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When Marisha Dotson looks in the mirror today, she struggles to recognize the face looking back at her. After years of skin cancer surgeries she looks like a completely different person.
Dotson's life dramatically changed four years ago when an annoying pimple turned out to be an aggressive skin cancer. Numerous surgeries on her face and mouth have transformed her appearance. This year, the Knoxville, Tennessee resident has undergone 12 biopsies and had two more cancerous spots removed.
“A lot of people think, ‘It is just skin cancer’ and it is not going to happen to them,” Dotson, 29, told TODAY. “Awareness is important. A lot of people don’t know about skin cancer.”
When a pimple turns out to be more.
After a strenuous spring semester at The University of Tennessee in 2014, taking 19 credits and working three jobs, Dotson was sick a lot. She wasn't surprised when a tiny pink dot appeared on her nose. She thought stress probably caused the pimple. Though after a few days, the pink spot didn’t go away. Instead, it started growing.
Was it a cystic pimple? She visited the campus health clinic — just to be safe.
“Pimples usually don’t get that big,” she said. “I was freaking out about it.”
The doctor gave her antibiotics to treat what he thought was an infection, but the blemish didn’t shrink.
“Every day it was increasing in size,” she said. “The pimple had grown to the size of a quarter in four weeks.”
Dotson, now 29, worried it might be something worse. A biopsy confirmed Dotson’s fears: She had squamous cell carcinoma, a common type of skin cancer. And it was growing at an alarming pace.
“I was blindsided by it,” she said. “One minute I am fine. The next, I have this huge growth.”
To treat it, surgeons removed her septum and 2/3 of the cartilage in her nose, leaving a large opening on her face. In another procedure, doctors used skin from her forehead and scalp to reconstruct her nose, which was a long, disfiguring process. After she finally healed, Dotson started radiation, which didn’t seem to make anything better.
“It was intense. I got really, really sick and it burned my face to pieces,” she said.
'It kept coming back.'
Throughout her experience, Dotson took pictures to record how her face changed. The pictures helped her see if any new possible cancerous growths appeared, but they also assisted her as she grappled with how cancer changed her looks.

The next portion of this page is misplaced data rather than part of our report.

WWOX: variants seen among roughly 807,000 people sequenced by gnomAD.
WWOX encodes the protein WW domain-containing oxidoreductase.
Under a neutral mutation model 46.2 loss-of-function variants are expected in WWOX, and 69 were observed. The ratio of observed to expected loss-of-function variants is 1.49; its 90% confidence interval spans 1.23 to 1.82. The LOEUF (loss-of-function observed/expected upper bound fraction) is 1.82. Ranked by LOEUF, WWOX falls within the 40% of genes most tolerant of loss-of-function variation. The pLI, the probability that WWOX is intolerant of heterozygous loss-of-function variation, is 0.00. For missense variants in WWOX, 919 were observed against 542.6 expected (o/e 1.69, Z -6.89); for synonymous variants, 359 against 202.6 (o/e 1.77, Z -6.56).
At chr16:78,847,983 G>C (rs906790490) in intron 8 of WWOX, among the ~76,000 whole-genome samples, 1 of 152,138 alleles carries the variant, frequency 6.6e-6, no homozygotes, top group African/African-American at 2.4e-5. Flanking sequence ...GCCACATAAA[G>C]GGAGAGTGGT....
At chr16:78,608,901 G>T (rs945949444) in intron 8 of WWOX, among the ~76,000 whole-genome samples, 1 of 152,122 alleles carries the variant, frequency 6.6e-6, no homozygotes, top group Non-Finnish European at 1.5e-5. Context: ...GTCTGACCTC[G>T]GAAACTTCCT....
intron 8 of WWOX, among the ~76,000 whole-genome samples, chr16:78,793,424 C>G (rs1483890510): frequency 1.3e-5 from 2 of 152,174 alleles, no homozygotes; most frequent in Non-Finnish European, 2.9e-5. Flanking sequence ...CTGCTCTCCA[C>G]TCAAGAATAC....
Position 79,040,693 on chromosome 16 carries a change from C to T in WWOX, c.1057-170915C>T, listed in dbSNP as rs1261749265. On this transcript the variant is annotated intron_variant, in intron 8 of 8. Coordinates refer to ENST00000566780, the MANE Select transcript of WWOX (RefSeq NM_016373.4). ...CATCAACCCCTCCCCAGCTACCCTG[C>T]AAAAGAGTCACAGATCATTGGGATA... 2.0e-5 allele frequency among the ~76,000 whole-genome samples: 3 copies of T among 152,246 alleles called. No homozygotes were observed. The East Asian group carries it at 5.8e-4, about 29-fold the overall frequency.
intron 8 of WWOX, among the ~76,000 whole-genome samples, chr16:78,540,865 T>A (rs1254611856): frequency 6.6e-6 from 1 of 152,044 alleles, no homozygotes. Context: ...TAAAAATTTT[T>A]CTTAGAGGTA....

“People stare at you. And sometimes I look at old photos of myself and I get sad. I wish I could look like that,” she said. “But, these scars show how much I wanted to live.”
She finished radiation in August 2015. Several months later doctors found more cancer under her eye, beside her nose and on her top lip, and had to remove those tumors. In August 2016, doctors found that the cancer spread into her mouth.
“It kept coming back,” she said. “It had metastasized not only into the oral cavity but all the way into the left side of my upper jaw. It was in my teeth and hard pallet."
In September 2016, doctors removed her upper jaw, teeth and hard pallet.
“I have a dental mouth piece … It is the only way I can talk and without it I have a huge open cavern,” she said. “I had to re-learn how to talk. I still have trouble saying 's' and 'r' and 't.'”
In January 2018, doctors found two more cancerous spots on the right side of her nose; the original cancer was on her left side.
"It wasn’t widespread. It was a little bitty tiny spot," she said.
But she faced some complications during recovery.
"My body still struggles with infections because I have open sinus cavities," Dotson said.
Undergoing cancer treatment for four years has transformed her entire body: Dotson gained about 100 pounds because the radiation destroyed her pituitary gland. Her ankles and legs swell painfully and she experiences neuropathy (weakness or numbness from nerve damage).
“Sometimes after cancer, our bodies don’t do the things they should be doing,” she explained. “Cancer changed so much about my body.”
By sharing her story, Dotson hopes to raise awareness about skin cancer. People often think she got cancer from tanning, but she's never tanned. Or they think that cancer can’t happen to them, or if it does, they won’t die from it.
“I don’t want people to think staying outside in the sun all day is OK. I think people should be more aware about UV damage,” she said.
Dotson’s also speaking out to bolster her self-confidence. After undergoing more than 30 different procedures that changed the face she knew for decades, she’s learning to accept how she looks now.
“I want the life I had before cancer but that is never going to happen. I am a different person,” she said. “I have no control over my body but I can still keep my spirit. I can fight it.”
Dotson hopes her experiences help others.
“You can go through this and figure out a way to be happy,” she said. “I am so happy to be alive and I don’t want to waste any moment of it. I try to inspire others. It is OK to feel what you feel. You are strong enough to make it through it.”
Dotson's raising money to cover her ongoing medical expenses. People interested in helping can do so here.